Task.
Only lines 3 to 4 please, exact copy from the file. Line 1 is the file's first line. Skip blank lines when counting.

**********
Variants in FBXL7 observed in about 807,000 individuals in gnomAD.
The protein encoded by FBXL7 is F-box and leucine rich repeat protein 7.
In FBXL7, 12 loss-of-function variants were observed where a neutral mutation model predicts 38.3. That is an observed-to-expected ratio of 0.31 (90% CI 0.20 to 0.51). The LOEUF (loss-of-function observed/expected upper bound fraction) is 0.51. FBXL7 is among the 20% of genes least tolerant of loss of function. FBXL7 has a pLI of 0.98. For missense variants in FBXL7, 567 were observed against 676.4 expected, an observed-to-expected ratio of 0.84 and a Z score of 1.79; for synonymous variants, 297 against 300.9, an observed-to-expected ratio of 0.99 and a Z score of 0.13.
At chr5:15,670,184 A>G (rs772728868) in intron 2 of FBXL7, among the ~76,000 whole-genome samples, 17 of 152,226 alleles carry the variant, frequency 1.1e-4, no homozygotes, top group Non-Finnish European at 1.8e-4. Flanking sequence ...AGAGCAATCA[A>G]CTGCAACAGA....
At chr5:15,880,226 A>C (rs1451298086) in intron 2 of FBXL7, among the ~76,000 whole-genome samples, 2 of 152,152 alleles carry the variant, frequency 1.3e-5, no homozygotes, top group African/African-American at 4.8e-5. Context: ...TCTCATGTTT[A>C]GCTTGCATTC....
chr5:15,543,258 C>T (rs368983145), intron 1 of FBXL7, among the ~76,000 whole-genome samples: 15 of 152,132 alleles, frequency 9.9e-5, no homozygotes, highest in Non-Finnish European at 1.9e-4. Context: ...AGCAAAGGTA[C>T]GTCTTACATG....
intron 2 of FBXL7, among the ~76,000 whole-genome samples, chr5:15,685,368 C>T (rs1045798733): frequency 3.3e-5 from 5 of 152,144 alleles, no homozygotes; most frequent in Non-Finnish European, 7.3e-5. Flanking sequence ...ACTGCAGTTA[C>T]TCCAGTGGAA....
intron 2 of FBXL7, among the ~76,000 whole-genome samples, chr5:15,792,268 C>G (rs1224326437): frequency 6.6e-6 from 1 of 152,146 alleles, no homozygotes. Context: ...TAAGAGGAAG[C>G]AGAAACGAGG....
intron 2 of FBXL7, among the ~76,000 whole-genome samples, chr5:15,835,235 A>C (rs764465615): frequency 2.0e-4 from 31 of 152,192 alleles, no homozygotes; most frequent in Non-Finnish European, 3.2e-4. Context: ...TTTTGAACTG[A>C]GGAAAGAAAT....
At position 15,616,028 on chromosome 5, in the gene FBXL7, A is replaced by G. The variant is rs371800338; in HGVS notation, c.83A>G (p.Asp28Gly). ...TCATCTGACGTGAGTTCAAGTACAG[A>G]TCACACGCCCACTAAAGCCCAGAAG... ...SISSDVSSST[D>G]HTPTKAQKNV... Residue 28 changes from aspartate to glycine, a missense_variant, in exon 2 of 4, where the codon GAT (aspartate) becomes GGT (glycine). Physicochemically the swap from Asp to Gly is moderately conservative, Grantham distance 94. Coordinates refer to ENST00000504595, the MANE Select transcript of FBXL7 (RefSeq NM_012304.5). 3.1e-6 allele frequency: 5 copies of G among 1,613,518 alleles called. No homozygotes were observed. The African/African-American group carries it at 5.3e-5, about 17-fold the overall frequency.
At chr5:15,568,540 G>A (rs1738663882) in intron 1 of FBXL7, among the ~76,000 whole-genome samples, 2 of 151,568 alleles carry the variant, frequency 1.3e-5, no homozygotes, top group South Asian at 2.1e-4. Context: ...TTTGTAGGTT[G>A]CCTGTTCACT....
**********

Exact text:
In FBXL7, 12 loss-of-function variants were observed where a neutral mutation model predicts 38.3. That is an observed-to-expected ratio of 0.31 (90% CI 0.20 to 0.51). The LOEUF (loss-of-function observed/expected upper bound fraction) is 0.51. FBXL7 is among the 20% of genes least tolerant of loss of function. FBXL7 has a pLI of 0.98. For missense variants in FBXL7, 567 were observed against 676.4 expected, an observed-to-expected ratio of 0.84 and a Z score of 1.79; for synonymous variants, 297 against 300.9, an observed-to-expected ratio of 0.99 and a Z score of 0.13.
At chr5:15,670,184 A>G (rs772728868) in intron 2 of FBXL7, among the ~76,000 whole-genome samples, 17 of 152,226 alleles carry the variant, frequency 1.1e-4, no homozygotes, top group Non-Finnish European at 1.8e-4. Flanking sequence ...AGAGCAATCA[A>G]CTGCAACAGA....